Taking Visual Studio Code and ASP.Net 5 For A Spin

Visual Studio Code Setup

Visual Studio Code Download


Visual Studio Code (VSCode) is the latest free cross platform lightweight IDE from Microsoft. Visual Studio Code and ASP.Net 5 are being released as free and open source.

Initial Impressions for Visual Studio Code


  • Lightweight IDE
  • Support for many Languages with IntelliSense
  • Git Integration
  • Open Folder
  • Easy Split Window Navigation
  • User and Workspace settings in JSON


  • Does not support regions for C#
  • Keeps hanging when you use on large .Net solutions (Open Folder)

ASP.Net 5 Setup

According to Microsoft, DNX was built entirely from the ground up. The ASP.Net 5 was also created from the ground up, meaning all ASP.Net 5 projects are DNX projects. Good thing to note is that ASP.Net 5 is not anymore based from System.Web.dll. Things are built around the concept of packages and on demand references.


In order to install and run ASP.Net 5 from Windows, you will need to install the DNVM (Version Manager), DNU (Utility) and DNX (Execution Engine). The steps to install them can be found from this link.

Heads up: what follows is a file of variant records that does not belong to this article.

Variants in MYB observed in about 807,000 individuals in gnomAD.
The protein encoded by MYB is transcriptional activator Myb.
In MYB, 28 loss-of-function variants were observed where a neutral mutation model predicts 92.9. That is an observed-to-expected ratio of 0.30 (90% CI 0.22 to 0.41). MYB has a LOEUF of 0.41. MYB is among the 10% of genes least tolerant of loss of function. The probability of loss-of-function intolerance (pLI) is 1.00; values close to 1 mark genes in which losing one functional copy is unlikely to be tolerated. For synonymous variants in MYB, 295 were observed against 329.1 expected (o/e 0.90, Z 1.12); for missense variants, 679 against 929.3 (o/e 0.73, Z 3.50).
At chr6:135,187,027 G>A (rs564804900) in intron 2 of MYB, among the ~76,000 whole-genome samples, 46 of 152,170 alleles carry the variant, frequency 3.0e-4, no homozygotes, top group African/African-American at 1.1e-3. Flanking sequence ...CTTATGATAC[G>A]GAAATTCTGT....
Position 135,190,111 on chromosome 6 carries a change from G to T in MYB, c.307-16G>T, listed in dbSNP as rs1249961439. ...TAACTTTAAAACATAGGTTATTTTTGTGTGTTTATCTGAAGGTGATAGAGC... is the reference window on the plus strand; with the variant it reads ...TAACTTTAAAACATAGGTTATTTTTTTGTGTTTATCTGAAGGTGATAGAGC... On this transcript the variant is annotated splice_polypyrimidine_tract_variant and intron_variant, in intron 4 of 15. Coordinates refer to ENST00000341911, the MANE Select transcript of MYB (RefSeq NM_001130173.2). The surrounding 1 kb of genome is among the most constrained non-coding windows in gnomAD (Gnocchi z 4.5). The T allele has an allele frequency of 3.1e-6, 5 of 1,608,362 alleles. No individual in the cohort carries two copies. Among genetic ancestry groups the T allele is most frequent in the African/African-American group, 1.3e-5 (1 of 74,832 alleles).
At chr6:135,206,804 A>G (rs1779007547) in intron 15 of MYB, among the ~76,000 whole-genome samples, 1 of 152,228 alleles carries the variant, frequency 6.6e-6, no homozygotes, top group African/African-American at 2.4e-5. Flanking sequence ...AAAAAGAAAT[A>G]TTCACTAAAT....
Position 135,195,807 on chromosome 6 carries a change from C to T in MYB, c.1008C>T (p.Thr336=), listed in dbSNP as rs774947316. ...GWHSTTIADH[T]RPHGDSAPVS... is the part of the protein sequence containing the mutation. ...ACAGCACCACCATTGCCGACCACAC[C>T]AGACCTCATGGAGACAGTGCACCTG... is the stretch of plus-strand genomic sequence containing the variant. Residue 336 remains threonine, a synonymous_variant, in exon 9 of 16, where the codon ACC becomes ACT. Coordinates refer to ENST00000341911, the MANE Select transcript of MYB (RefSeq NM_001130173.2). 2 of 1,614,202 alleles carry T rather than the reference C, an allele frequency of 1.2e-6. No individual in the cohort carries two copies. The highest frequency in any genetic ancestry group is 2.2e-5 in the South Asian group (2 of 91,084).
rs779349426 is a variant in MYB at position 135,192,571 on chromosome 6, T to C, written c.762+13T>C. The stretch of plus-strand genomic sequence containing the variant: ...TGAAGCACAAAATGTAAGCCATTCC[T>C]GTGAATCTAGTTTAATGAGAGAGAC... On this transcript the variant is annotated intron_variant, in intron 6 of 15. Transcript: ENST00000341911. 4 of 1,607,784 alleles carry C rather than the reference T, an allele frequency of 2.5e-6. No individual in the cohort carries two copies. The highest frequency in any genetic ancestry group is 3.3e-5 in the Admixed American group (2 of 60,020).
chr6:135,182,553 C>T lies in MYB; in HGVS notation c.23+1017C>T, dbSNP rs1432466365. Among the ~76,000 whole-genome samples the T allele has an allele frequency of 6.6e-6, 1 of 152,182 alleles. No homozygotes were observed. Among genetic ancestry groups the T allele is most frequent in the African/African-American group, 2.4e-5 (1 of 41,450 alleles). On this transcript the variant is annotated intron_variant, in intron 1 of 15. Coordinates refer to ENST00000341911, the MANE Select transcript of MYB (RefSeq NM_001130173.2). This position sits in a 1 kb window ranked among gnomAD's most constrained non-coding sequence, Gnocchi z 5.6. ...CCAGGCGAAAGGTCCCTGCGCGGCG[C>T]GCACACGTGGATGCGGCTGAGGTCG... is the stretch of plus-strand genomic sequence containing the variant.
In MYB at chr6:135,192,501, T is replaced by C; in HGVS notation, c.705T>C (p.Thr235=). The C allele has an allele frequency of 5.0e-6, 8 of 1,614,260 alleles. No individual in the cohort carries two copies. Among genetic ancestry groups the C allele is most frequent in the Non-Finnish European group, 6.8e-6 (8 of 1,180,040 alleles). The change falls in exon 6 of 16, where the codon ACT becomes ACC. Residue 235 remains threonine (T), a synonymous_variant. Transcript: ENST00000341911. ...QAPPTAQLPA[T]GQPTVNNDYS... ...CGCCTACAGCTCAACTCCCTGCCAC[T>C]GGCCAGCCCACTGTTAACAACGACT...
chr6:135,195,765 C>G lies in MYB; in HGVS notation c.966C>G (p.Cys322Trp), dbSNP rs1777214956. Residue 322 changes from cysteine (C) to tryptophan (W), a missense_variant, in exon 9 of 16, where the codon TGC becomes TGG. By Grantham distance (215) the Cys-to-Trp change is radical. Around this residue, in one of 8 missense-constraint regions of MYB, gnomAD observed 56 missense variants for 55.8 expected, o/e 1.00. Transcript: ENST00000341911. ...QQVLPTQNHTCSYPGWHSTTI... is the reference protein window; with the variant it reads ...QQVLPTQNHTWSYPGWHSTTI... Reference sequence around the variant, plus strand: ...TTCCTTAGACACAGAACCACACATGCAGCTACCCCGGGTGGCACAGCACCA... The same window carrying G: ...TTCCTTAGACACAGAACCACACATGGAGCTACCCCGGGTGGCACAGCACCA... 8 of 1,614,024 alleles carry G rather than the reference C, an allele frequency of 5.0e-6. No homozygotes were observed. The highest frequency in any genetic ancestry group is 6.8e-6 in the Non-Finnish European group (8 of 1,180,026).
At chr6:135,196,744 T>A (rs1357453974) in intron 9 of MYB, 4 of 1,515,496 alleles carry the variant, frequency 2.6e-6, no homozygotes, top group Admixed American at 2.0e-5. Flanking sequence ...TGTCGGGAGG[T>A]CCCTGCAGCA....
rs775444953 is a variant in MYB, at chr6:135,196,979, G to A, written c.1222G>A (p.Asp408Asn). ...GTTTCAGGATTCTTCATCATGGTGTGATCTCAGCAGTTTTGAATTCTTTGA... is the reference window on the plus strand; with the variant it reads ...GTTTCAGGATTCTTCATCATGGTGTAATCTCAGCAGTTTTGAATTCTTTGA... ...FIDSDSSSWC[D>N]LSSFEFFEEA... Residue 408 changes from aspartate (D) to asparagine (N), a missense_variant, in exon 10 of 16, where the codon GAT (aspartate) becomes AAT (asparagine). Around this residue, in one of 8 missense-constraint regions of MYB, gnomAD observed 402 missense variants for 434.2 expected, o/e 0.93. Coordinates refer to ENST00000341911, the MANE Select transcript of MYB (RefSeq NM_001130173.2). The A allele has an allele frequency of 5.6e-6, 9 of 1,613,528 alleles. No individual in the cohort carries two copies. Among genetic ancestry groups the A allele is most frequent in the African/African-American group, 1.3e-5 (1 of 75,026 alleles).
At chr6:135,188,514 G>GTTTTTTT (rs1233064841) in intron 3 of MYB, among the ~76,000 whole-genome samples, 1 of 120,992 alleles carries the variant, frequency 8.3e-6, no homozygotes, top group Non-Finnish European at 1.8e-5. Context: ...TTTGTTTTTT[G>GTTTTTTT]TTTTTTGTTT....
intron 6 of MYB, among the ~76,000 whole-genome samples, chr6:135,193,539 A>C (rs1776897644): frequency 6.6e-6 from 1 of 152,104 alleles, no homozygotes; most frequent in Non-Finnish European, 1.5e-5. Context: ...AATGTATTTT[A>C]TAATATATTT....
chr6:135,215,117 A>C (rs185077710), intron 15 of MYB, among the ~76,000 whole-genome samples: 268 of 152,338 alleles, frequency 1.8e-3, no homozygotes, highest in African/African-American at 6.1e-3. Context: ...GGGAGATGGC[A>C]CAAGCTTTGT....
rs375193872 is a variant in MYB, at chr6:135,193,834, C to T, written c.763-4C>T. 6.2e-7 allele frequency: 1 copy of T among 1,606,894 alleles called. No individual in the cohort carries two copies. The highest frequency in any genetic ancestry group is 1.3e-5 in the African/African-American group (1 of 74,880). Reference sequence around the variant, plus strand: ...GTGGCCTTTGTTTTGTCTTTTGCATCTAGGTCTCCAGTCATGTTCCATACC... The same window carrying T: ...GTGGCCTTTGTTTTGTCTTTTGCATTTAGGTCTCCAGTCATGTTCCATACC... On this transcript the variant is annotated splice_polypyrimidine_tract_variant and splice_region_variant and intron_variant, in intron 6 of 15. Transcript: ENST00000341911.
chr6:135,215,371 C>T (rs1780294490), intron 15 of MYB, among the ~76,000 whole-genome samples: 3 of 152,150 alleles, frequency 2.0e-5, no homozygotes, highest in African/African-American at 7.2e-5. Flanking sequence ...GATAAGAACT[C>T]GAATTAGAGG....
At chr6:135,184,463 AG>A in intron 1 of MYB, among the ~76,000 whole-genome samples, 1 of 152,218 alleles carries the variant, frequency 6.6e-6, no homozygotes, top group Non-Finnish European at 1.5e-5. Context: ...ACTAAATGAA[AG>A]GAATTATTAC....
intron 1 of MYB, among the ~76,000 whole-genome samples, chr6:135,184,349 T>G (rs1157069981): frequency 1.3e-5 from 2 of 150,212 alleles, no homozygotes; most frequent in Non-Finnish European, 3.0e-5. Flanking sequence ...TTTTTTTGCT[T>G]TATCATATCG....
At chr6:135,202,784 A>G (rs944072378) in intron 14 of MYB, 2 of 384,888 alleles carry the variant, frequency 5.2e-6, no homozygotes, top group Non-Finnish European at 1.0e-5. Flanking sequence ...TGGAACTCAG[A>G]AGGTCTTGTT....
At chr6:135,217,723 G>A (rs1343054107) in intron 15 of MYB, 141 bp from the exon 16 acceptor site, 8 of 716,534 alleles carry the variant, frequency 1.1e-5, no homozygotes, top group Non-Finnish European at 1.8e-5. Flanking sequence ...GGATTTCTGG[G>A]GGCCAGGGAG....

A very cool new feature of ASP.Net 5 is that it can run and be developed in other platforms. I was very excited to try and develop ASP.Net on a non-Windows machine. It gave me enough reason to buy and upgrade my MacBook Pro 2008 to MacBook Pro 2015 ;).

Just like in Windows, you will need to install the DNX, DNVM and DNU. But this time, since its on OSX, everything will be dependent on Mono (.Net Open Source Project). You can get Mono by installing through Homebrew (package manager) in OSX. Actually, it works backwards, in Homebrew when you install the latest ASP.Net and DNX it installs Mono automatically since its a required package of ASP.Net.

Linux soon!

I do not have now a Linux machine to try and install ASP.Net 5 so next time I will post my ASP.Net 5 adventures with Linux!

Sample Project ASP.NET 5

Omnisharp log – Error logged on opening the sample project

When opening the sample ASP.Net 5 DNX project with VS Code without first installing DNX, you will encounter an error logged under the Omnisharp log. This is a good way to know the sequence where it looks for the DNX framework.

Omnisharp log